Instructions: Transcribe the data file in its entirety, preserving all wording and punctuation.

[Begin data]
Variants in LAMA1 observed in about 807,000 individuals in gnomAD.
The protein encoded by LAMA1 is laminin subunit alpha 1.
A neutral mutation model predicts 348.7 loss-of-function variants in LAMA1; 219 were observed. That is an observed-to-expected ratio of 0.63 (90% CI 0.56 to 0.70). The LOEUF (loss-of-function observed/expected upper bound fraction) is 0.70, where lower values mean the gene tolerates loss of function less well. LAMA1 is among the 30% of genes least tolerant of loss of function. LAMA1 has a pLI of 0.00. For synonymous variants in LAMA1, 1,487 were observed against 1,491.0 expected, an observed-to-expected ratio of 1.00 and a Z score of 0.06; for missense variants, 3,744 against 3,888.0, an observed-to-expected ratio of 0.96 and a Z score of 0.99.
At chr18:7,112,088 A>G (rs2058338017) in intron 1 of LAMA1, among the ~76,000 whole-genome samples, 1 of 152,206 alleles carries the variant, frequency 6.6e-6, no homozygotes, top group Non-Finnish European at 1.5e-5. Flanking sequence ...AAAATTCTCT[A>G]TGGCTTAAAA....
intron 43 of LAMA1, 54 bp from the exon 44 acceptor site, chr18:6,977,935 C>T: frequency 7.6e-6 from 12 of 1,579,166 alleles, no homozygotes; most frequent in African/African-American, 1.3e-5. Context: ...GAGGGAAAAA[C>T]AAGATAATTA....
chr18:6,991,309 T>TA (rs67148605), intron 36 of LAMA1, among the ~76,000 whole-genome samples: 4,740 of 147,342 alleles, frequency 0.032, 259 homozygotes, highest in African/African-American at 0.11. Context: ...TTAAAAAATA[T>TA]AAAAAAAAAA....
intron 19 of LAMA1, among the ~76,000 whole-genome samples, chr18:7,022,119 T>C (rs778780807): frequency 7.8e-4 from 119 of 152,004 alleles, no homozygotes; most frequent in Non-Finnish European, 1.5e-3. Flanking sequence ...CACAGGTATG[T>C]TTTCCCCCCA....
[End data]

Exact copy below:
Variants in LAMA1 observed in about 807,000 individuals in gnomAD.
The protein encoded by LAMA1 is laminin subunit alpha 1.
A neutral mutation model predicts 348.7 loss-of-function variants in LAMA1; 219 were observed. That is an observed-to-expected ratio of 0.63 (90% CI 0.56 to 0.70). The LOEUF (loss-of-function observed/expected upper bound fraction) is 0.70, where lower values mean the gene tolerates loss of function less well. LAMA1 is among the 30% of genes least tolerant of loss of function. LAMA1 has a pLI of 0.00. For synonymous variants in LAMA1, 1,487 were observed against 1,491.0 expected, an observed-to-expected ratio of 1.00 and a Z score of 0.06; for missense variants, 3,744 against 3,888.0, an observed-to-expected ratio of 0.96 and a Z score of 0.99.
At chr18:7,112,088 A>G (rs2058338017) in intron 1 of LAMA1, among the ~76,000 whole-genome samples, 1 of 152,206 alleles carries the variant, frequency 6.6e-6, no homozygotes, top group Non-Finnish European at 1.5e-5. Flanking sequence ...AAAATTCTCT[A>G]TGGCTTAAAA....
intron 43 of LAMA1, 54 bp from the exon 44 acceptor site, chr18:6,977,935 C>T: frequency 7.6e-6 from 12 of 1,579,166 alleles, no homozygotes; most frequent in African/African-American, 1.3e-5. Context: ...GAGGGAAAAA[C>T]AAGATAATTA....
chr18:6,991,309 T>TA (rs67148605), intron 36 of LAMA1, among the ~76,000 whole-genome samples: 4,740 of 147,342 alleles, frequency 0.032, 259 homozygotes, highest in African/African-American at 0.11. Context: ...TTAAAAAATA[T>TA]AAAAAAAAAA....
intron 19 of LAMA1, among the ~76,000 whole-genome samples, chr18:7,022,119 T>C (rs778780807): frequency 7.8e-4 from 119 of 152,004 alleles, no homozygotes; most frequent in Non-Finnish European, 1.5e-3. Flanking sequence ...CACAGGTATG[T>C]TTTCCCCCCA....